Woodley, a Divergent, decides to join Dauntless, which is right about when this film loses all impetus. Similar to the Hunger Games, in order to join the faction, she has to beat out her competition by proving herself in various activities.This quickly turns Divergent into a futuristic Summer Camp for the fit and beautiful, complete with a ropes course; Capture the LED-Flag; team-building exercises; zip-lines through Chicago; and, you guessed it, Tag. I’m surprised they chose not to fit in a friendship bracelet workshop or a round of Duck Duck Grey Duck. Burger spends two full hours trying to entertain you by showing teens doing things you barely enjoyed doing yourself when you were younger. “Look how much fun they’re all having!”
To prove their mettle and fearlessness, Woodley and her pledge class of giddy recruits have to jump onto a train, then subsequently jump off. At one point, they compete in a five-minute paintball fight. They’re told to get tattoos to show their badassery. These feats of strength continue for about an hour and forty-five minutes. A love-story is also interspersed throughout, as camp-instructor Theo James and Woodley must overcome various obstacles in order to finally make out.
The only real conflict in this film involves whether Woodley will get kicked out of camp. We’re constantly submitted to idiotic recitations of the same bullshit, over and over. Again and again, she’s told: “You’re dauntless, so act dauntless or get kicked out.” My question: why would anyone choose to be part of this group of tattooed douchebags? I’d much rather live on the street, being fed by horribly clothed government workers than spend my days getting harassed by tatted-up jocks in leather windbreakers.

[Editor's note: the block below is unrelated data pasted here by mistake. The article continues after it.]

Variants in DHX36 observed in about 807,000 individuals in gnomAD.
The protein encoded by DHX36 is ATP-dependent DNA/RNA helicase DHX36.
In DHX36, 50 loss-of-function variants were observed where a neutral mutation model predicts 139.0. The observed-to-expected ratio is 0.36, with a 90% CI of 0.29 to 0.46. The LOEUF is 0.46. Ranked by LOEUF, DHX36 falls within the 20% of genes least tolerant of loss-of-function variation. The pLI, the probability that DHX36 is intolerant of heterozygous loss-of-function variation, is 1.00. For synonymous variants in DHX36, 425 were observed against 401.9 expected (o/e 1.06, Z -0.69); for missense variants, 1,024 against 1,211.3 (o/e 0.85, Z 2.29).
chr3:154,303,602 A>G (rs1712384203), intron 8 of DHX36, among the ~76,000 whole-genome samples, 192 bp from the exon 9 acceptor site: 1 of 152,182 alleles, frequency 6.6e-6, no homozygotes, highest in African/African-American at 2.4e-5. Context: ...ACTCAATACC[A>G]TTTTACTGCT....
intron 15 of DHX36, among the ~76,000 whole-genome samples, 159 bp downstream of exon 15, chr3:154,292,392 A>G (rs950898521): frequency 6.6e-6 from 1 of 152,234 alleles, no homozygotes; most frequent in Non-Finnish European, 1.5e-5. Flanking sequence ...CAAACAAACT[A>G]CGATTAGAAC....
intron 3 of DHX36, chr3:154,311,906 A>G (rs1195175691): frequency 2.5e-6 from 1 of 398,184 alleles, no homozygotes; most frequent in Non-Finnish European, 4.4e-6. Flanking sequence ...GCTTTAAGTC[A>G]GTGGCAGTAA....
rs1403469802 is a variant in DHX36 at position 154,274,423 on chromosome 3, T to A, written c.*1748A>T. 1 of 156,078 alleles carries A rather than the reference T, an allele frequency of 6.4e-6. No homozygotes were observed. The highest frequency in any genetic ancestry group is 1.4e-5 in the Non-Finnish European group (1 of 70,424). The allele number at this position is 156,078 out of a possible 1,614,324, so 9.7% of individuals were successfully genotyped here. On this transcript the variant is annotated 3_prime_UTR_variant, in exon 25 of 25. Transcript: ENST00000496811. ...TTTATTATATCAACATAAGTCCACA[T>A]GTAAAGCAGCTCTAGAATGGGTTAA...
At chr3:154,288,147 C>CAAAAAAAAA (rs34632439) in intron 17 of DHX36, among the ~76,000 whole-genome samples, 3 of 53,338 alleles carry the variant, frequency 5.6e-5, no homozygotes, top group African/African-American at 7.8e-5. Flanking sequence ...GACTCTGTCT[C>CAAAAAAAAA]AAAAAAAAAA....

Her final initiation ritual before ultimately becoming one of these idiots involves submitting herself to some sort of virtual reality fear-machine where her fearlessness is tested. Phobias that she must overcome include sexual assault by James, death by killer crow, murdering her family, and drowning in a sealed glass case. She’s able to conquer these fears by telling herself “This isn’t real.” I wish.
Around two hours in, things finally ramp up. The last fifteen minutes are actually decent, dragged along by great acting from Woodley and the ever-spectacular Miles Teller. Everyone else slows them down, notably James, Jai Courtney, and Kate Winslet, who is in this movie for no apparent reason. She’s terrible.
Ultimately, Divergent is Hunger Games without the stakes, Twilight without the romance, Harry Potter without the magic. The Disney Channel-level acting and plot cramps you up like Hunger Pangs; this isn’t Katniss, it’s cat piss.
In the end, you leave Divergent telling yourself that this was just a dream; maybe you ate some bad shellfish and hallucinated the whole thing. You tell yourself, “this isn’t real,” hoping against all hope that it isn’t. Maybe Flight 370 never even existed. This is all a figment of your imagination, a cruel joke. Yeah, this week was just a wild nightmare. You click your heels together three times. This isn’t real… This isn’t real… This isn’t real…
Screams snap you out of it. You’re sitting next to a pre-pubescent girl’s volleyball team from the local middle school—they shriek every time Miles Teller is on-screen. Now it’s clear who this movie was made for, except this film calls for a different brand of ‘spike.’ You’ll have to down a few drinks to make it through this one.
Miles Teller has gone from zero to hero in the last few years. With roles in films like Whiplash, Rabbit Hole and The Spectacular Now, Teller has shown an intriguing dramatic side that all but evens out the heap of not-so-inspiring (read: disastrous) broad comedies he’s participated in, take for example 21 and Over and That Awkward Moment. Looking towards the future, Teller has a lot of promise so long as he continues to involve himself in solid project while he’s busy paying the bills with mainstream crud. With The Fantastic Four on the horizon, the only question is how high will Teller’s star rise?
Over the prattle and coos of preteen girls, Teller and I had a chance to chat at the Seattle premiere of his latest, and largest, film yet: Divergent. But we only talked briefly about the YA wannabe sensation, to preference some of his more serious roles. We touched on drumming, the recurring themes of his fledgling career, his trajectory since college and what makes him an all around bad ass.
So I caught Whiplash down at Sundance. Loved the movie, with the way it was edited, you looked like you were just slaying on those drums. So, tell me what you were doing for preparation for that? Have you always played?